“If Wilson and Jungner criteria are good enough for cancer screening programmes, then they are good enough for AF and stroke prevention  and as modern devices have improved hugely from days of cumbersome haltering, we need to be advocating systematic screening of people in the community and investment in that.”

<blockquote> <div>

‘The barrier might be that people are nervous that if they find AF, they feel it might cost a lot to treat it. But the cost of a stroke is 10 times greater and surely, medicine is about adding quality to people’s lives’

</div> </blockquote>

There are some clear barriers to implementing such a screening programme, he continued. “The barriers to that include public awareness — people need to know what it is, because if the public don’t know what something is, they are not going to engage in any screening programme.

“Secondly, we need to advocate politically as to why it is important that we have such a programme, and thirdly, we need to define how to screen for AF,” he told <strong><em>MI. </em></strong>“Technology is becoming cheaper, more lightweight, less hospital-based and there are technologies now that can be used in the community, such as patches the patient can wear for 30 days that will determine whether there is a problem of not and can even upload remotely the information to a specialist. All those barriers are surmountable, but it needs a bit of drive behind it.”

Dr Collins elaborated on who should be the driving force behind such an initiative. “It is up to organisations like the ESC,” he said. “To be fair, in Ireland the Irish Heart Foundation (IHF) has been pushing this idea and funding our own study trying to do this in the community with five-day monitoring so we are getting there, but it needs a bigger push.”

However there is a role to be played by the medical community, Dr Collins added. “I think the RCPI could help,” he stated. “Along with the IHF, they can help to push this agenda. Like every agenda, the professional bodies need to come together and the advocacy body, the IHF, and the RCPI, which sets the guidelines in Ireland, drawing from groups like the ESC and then deliver it to the Minister for Health and say, ‘this has to happen — we have to do more to prevent stroke’.”

This must be done, explained Dr Collins, against the backdrop of stroke being the third-leading cause of death and leading cause of adult disability in Ireland and AF is heavily implicated in these events. “We just can’t ignore this any longer,” he emphasised.

“Historically there may even have been a reluctance to detect AF because once you find it, warfarin is very difficult to use and monitor, and patients didn’t want to take warfarin either, it needs to be said.

“Now, the barrier might be that people are nervous that if they find AF, they feel it might cost a lot to treat it. But the cost of a stroke is 10 times greater and surely, medicine is about adding quality to people’s lives and that means ensuring that not only do people live longer lives, but also that they have a more sustained, better quality of life throughout those years.”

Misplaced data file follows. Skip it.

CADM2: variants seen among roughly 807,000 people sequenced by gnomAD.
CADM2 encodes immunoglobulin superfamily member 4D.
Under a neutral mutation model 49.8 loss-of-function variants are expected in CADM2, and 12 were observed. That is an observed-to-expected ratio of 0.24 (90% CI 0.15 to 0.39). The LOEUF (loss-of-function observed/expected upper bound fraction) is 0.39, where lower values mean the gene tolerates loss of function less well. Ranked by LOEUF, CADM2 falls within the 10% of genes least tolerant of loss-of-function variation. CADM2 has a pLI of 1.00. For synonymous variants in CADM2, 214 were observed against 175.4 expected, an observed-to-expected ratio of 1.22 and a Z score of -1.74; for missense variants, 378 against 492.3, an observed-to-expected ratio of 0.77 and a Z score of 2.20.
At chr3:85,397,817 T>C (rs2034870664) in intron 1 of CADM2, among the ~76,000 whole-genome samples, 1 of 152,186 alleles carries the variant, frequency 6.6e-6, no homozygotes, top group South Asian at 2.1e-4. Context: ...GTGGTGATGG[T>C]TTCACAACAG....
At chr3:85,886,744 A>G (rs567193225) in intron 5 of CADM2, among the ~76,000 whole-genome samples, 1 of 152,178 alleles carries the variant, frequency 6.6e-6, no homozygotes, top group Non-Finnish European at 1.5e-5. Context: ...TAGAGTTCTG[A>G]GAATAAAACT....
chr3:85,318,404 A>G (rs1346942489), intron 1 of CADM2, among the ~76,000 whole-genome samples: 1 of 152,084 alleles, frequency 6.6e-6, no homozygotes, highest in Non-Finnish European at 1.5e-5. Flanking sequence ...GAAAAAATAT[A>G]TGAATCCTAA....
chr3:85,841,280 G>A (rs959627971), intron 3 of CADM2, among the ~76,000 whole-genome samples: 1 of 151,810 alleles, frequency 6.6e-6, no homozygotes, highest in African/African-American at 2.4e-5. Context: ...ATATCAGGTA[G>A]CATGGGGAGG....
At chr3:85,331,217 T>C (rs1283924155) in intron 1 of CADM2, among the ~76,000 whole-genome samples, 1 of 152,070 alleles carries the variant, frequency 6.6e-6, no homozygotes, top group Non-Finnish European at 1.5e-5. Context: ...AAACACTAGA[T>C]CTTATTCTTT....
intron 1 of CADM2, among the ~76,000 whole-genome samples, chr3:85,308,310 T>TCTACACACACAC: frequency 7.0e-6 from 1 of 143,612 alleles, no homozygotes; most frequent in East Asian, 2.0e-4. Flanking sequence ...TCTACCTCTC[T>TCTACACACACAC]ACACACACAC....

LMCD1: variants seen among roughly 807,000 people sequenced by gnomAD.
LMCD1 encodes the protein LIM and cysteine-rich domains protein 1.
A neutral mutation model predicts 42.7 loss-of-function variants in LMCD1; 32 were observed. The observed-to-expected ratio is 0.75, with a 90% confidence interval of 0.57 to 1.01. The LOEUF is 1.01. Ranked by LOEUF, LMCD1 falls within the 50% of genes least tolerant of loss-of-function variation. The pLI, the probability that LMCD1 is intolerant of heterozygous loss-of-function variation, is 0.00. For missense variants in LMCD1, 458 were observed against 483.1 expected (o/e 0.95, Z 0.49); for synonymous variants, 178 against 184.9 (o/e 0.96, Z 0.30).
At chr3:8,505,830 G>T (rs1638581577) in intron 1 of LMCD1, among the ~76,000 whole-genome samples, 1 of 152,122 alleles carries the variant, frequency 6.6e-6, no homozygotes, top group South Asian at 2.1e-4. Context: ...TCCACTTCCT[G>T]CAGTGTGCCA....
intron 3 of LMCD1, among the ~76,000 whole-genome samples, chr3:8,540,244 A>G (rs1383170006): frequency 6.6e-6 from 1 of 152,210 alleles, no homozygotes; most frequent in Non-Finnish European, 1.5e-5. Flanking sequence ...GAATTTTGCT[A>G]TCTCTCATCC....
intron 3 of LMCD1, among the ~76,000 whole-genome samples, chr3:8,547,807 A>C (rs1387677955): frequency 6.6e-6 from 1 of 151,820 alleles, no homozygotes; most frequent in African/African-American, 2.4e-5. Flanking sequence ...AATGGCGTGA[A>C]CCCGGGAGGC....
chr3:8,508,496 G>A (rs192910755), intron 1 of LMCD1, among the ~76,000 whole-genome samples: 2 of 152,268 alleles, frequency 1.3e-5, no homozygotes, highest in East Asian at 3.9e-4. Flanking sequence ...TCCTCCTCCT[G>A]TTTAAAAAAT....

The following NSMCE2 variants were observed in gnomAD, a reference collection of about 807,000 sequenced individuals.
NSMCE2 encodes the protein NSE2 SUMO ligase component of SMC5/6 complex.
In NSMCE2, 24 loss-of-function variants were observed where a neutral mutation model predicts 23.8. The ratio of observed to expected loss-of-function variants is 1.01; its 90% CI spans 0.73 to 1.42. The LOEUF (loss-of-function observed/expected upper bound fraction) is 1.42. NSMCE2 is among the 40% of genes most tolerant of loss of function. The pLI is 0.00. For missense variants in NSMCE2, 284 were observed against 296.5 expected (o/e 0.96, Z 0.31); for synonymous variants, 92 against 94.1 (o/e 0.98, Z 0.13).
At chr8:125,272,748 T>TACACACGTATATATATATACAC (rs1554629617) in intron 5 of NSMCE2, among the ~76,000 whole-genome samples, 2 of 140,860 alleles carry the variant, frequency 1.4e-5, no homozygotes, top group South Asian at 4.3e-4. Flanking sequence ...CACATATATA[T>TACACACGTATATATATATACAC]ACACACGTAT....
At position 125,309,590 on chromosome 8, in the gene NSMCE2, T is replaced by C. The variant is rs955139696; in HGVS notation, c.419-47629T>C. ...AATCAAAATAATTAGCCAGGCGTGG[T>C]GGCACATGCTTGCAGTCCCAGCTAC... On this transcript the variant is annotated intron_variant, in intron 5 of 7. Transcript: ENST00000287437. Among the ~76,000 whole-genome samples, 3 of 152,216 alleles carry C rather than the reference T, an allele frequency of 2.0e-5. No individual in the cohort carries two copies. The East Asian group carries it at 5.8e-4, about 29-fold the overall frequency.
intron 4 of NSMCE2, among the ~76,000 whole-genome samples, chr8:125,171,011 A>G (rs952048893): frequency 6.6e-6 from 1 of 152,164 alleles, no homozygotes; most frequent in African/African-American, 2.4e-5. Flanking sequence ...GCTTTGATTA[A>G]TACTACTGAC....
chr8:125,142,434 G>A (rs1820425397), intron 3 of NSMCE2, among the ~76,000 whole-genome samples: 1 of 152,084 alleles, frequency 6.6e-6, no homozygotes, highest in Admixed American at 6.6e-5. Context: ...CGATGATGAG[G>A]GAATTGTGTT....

<h3 class=”subheadMIstyles”>Renewed push</h3>

Dr Collins concluded that there needs to be a renewed push to make policy makers aware that the initial cost of screening for AF would be insignificant in comparison to the enormous savings that would accrue for the health services in years to come.

“Myself and Peter Kelly [Consultant Neurologist and Joint Clinical Lead and Director of the Stroke Service at the Mater Hospital, Dublin] actually went to the Department of Health some time ago with this proposal,” he told <strong><em>MI.</em></strong> “The problem with budgeting in the Department of Health — and perhaps some people don’t know this — but the Department understands the logic of front-loading; investing now in order to save down the line.

“However, the budgetary mechanisms don’t seem to exist to allow them to do that, so they have to run the budgets in time frames, rather than sitting back and realising — a little like investing in your pension, if you like — that if you invest X amount now, you will save a far greater amount down the line.

“So I think we need to have a rethink, or at least dedicate some of that budget, to investment strategies that will produce dividends down the line and this is one way to do it and the technology to do it now exists. Of course, GPs will need to identify who might be at risk of AF and who might be candidates for screening; that’s what our project is about. They obviously need to also be reimbursed if they buy the equipment but that’s the investment, and down the line, you would be hoping there will be an investment in screening and the costs of drug therapy and eventually, we would hope that we can make major strokes a thing of the past.”